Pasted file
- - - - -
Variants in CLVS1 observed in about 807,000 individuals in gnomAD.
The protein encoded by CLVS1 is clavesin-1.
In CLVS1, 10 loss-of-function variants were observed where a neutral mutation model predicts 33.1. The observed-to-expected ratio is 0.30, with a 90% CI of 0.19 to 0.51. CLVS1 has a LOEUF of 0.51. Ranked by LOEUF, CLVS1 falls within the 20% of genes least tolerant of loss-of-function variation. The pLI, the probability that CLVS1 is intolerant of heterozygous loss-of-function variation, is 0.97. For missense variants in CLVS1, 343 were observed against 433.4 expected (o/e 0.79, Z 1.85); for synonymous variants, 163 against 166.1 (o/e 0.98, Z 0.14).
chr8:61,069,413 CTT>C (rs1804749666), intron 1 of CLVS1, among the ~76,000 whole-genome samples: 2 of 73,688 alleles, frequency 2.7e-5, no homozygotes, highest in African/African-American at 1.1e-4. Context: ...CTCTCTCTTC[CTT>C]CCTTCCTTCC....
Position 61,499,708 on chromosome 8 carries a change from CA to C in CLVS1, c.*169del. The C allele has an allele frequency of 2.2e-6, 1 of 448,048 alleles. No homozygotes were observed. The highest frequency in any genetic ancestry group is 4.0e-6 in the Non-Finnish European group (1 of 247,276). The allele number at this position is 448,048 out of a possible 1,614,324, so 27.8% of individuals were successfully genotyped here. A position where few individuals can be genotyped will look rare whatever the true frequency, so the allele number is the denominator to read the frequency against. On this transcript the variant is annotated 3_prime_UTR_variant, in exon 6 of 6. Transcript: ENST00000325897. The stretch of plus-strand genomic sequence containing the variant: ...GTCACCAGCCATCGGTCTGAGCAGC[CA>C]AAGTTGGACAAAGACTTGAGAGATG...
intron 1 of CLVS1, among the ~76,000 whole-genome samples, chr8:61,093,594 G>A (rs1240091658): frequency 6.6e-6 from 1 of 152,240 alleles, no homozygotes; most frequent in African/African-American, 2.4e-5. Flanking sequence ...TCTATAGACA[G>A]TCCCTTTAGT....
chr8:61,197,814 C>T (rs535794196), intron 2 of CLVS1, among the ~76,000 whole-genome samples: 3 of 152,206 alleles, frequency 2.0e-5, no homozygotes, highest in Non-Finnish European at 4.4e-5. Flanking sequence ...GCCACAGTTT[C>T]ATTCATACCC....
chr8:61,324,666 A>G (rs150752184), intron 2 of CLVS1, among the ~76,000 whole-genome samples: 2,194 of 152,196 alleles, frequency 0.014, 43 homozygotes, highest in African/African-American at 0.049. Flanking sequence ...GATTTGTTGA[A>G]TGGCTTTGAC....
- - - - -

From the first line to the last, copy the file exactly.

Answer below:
Variants in CLVS1 observed in about 807,000 individuals in gnomAD.
The protein encoded by CLVS1 is clavesin-1.
In CLVS1, 10 loss-of-function variants were observed where a neutral mutation model predicts 33.1. The observed-to-expected ratio is 0.30, with a 90% CI of 0.19 to 0.51. CLVS1 has a LOEUF of 0.51. Ranked by LOEUF, CLVS1 falls within the 20% of genes least tolerant of loss-of-function variation. The pLI, the probability that CLVS1 is intolerant of heterozygous loss-of-function variation, is 0.97. For missense variants in CLVS1, 343 were observed against 433.4 expected (o/e 0.79, Z 1.85); for synonymous variants, 163 against 166.1 (o/e 0.98, Z 0.14).
chr8:61,069,413 CTT>C (rs1804749666), intron 1 of CLVS1, among the ~76,000 whole-genome samples: 2 of 73,688 alleles, frequency 2.7e-5, no homozygotes, highest in African/African-American at 1.1e-4. Context: ...CTCTCTCTTC[CTT>C]CCTTCCTTCC....
Position 61,499,708 on chromosome 8 carries a change from CA to C in CLVS1, c.*169del. The C allele has an allele frequency of 2.2e-6, 1 of 448,048 alleles. No homozygotes were observed. The highest frequency in any genetic ancestry group is 4.0e-6 in the Non-Finnish European group (1 of 247,276). The allele number at this position is 448,048 out of a possible 1,614,324, so 27.8% of individuals were successfully genotyped here. A position where few individuals can be genotyped will look rare whatever the true frequency, so the allele number is the denominator to read the frequency against. On this transcript the variant is annotated 3_prime_UTR_variant, in exon 6 of 6. Transcript: ENST00000325897. The stretch of plus-strand genomic sequence containing the variant: ...GTCACCAGCCATCGGTCTGAGCAGC[CA>C]AAGTTGGACAAAGACTTGAGAGATG...
intron 1 of CLVS1, among the ~76,000 whole-genome samples, chr8:61,093,594 G>A (rs1240091658): frequency 6.6e-6 from 1 of 152,240 alleles, no homozygotes; most frequent in African/African-American, 2.4e-5. Flanking sequence ...TCTATAGACA[G>A]TCCCTTTAGT....
chr8:61,197,814 C>T (rs535794196), intron 2 of CLVS1, among the ~76,000 whole-genome samples: 3 of 152,206 alleles, frequency 2.0e-5, no homozygotes, highest in Non-Finnish European at 4.4e-5. Flanking sequence ...GCCACAGTTT[C>T]ATTCATACCC....
chr8:61,324,666 A>G (rs150752184), intron 2 of CLVS1, among the ~76,000 whole-genome samples: 2,194 of 152,196 alleles, frequency 0.014, 43 homozygotes, highest in African/African-American at 0.049. Flanking sequence ...GATTTGTTGA[A>G]TGGCTTTGAC....